Politics Faculty

Kent Eaton
  • Title
    • Professor of Politics
  • Division Social Sciences Division
  • Department
    • Politics Department
  • Affiliations Merrill College, Latin American & Latino Studies, Research Center for the Americas, Environmental Studies Department
  • Phone
    831-459-4920
  • Email
  • Fax
    831-459-3125
  • Website
  • Office Location
    • Crown College Faculty Wing, 222
  • Office Hours Winter 2021: Wednesday 1-3
  • Mail Stop Merrill/Crown Faculty Services
  • Mailing Address
    • 1156 High Street
    • Santa Cruz CA 95064
  • Faculty Areas of Expertise Latin American and Latino Studies, Comparative Politics, Political Science, Politics
  • Courses Politics 60: Introduction to Comparative Politics, Politics 140c: Latin American Politics, Politics 144: Politics in the Andes, Politics 147: Territorial Conflict: Politics in Divided Societies, Politics 190v: States in the Global South, Politics 200c: Political Economy, Politics 243: Comparative Methods

Research Interests

Kent Eaton's research examines the interplay between politics and territory, focusing on the territorial organization of states in the world today.  His work explores how territorial interests and identities impact political outcomes -- including democracy, development and security -- and how political conflict in turn shapes the logic of territorial institutions. Specializing in comparative politics, Prof. Eaton's current projects include the design and performance of federal institutions, the causes and consequences of decentralization, and the formation and evolution of movements for territorial autonomy. Beginning in 1990 he has conducted field research in a number of Latin American countries, including Argentina, Bolivia, Brazil, Chile, Colombia, Ecuador, Peru, and Uruguay.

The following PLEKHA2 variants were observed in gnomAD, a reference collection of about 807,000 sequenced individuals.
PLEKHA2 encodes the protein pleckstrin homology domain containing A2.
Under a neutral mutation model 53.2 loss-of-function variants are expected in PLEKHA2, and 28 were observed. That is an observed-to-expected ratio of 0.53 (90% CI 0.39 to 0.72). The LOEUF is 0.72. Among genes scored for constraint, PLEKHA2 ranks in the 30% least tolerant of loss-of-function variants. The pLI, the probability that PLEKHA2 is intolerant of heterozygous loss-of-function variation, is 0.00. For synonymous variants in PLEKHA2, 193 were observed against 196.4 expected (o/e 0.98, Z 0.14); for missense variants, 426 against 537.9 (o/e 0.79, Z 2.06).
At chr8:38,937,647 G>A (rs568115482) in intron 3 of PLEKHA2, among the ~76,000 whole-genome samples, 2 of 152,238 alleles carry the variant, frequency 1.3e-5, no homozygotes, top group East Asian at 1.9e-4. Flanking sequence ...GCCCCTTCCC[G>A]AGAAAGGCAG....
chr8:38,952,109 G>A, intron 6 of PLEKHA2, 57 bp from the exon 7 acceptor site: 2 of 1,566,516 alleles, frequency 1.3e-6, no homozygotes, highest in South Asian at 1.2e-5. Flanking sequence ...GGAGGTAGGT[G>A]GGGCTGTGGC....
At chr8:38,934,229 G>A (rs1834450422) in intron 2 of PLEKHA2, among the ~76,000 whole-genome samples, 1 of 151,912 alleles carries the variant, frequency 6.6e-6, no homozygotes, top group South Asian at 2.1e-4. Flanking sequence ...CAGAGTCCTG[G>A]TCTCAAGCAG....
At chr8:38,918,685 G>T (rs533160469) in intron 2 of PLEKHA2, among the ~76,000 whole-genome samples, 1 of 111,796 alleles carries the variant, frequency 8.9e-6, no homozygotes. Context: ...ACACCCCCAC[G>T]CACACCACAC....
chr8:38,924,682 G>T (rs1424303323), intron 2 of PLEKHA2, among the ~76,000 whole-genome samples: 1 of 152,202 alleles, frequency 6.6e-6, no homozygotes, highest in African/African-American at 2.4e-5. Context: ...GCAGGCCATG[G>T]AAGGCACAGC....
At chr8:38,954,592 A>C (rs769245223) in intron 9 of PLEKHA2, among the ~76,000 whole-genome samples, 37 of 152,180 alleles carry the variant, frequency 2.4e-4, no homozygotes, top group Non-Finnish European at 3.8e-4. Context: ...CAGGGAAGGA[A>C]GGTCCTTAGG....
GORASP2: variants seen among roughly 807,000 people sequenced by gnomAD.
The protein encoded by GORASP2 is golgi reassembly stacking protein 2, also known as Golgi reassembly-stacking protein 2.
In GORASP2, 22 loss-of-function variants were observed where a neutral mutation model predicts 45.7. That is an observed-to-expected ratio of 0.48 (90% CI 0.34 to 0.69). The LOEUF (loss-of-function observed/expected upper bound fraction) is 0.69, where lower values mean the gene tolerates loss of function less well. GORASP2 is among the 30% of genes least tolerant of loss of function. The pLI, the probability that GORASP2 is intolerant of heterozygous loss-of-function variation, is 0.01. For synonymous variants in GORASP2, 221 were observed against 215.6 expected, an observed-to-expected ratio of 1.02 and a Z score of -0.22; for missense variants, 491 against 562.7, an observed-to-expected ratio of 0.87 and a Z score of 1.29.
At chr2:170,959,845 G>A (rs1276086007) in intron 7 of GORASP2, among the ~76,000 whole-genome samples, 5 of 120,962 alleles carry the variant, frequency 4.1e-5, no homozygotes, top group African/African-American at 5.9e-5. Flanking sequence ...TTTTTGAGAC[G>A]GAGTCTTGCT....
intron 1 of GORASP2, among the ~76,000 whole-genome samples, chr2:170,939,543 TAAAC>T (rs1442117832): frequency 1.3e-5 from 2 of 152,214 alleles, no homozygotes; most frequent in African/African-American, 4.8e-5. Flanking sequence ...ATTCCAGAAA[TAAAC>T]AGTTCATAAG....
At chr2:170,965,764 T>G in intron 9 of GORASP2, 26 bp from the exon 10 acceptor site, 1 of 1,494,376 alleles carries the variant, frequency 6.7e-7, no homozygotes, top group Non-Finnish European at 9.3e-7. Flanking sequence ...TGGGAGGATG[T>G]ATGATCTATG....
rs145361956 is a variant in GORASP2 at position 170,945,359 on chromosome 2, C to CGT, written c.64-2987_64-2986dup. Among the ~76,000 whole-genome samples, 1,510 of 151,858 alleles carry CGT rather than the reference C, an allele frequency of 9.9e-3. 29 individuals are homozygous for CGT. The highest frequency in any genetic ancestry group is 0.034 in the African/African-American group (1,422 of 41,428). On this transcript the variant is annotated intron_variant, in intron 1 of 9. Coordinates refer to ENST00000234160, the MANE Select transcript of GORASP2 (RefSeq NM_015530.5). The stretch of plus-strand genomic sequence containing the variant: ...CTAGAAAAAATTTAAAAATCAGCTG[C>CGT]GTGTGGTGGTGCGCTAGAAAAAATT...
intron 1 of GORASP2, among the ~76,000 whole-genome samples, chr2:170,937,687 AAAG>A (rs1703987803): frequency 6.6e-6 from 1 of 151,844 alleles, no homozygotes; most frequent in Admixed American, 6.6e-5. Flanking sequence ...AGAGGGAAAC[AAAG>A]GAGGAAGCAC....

Biography, Education and Training

Stanford University, B.A. International Relations, 1990

Yale University, Ph.D. Political Science, 1998

Selected Publications

  • "Territorial Peace without Territorial Governments: The Centralizing Logic of the 2016 Colombian Peace Accord," Journal of Peacebuilding and Development, forthcoming 2021
  • "Bogotá's Left Turn: Counter-Neoliberalization in Colombia," International Journal of Urban and Regional Research 44(1) 2020: 1-17
  • "Latin American Politics and the Subnational Comparative Method," Latin American Politics and Society 62(3) 2020: 149-72
  • "Politics across Territory in Latin America," Latin American Research Review 54(2) 2019: 532-9
  • Territory and Ideology in Latin America: Policy Conflicts between National and Subnational Governments (Oxford University Press, 2017)  Chapter 1
  • "Subnational Authoritarianism and Democratization in Colombia: Divergent Paths in Cesar and Magdalena," with Juan Diego Prieto, in Tina Hilgers and Laura Macdonald, eds., Violence in Latin America and the Caribbean (Cambridge University Press, 2017), pp. 153-172.
  • "Challenges of Party Building in the Bolivian East," in Steven Levitsky, James Loxton, Brandon Van Dyck and Jorge Dominguez, eds., Challenges of Party Building in Latin America (Cambridge University Press, 2016), pp. 383-411. 
  • "Teachers, Mayors, and the Transformation of Clientelism in Colombia," with Cristopher Chambers-Ju, in Diego Abente Brun and Larry Diamond, eds., Clientelism, Social Policy, and the Quality of Democracy (Johns Hopkins University Press, 2014), pp. 88-113.
  • Politics beyond the Capital: The Design of Subnational Institutions in South America (Stanford University Press, 2004)
  • Politicians and Economic Reform in New Democracies: Argentina and the Philippines in the 1990s (Penn State University Press, 2002)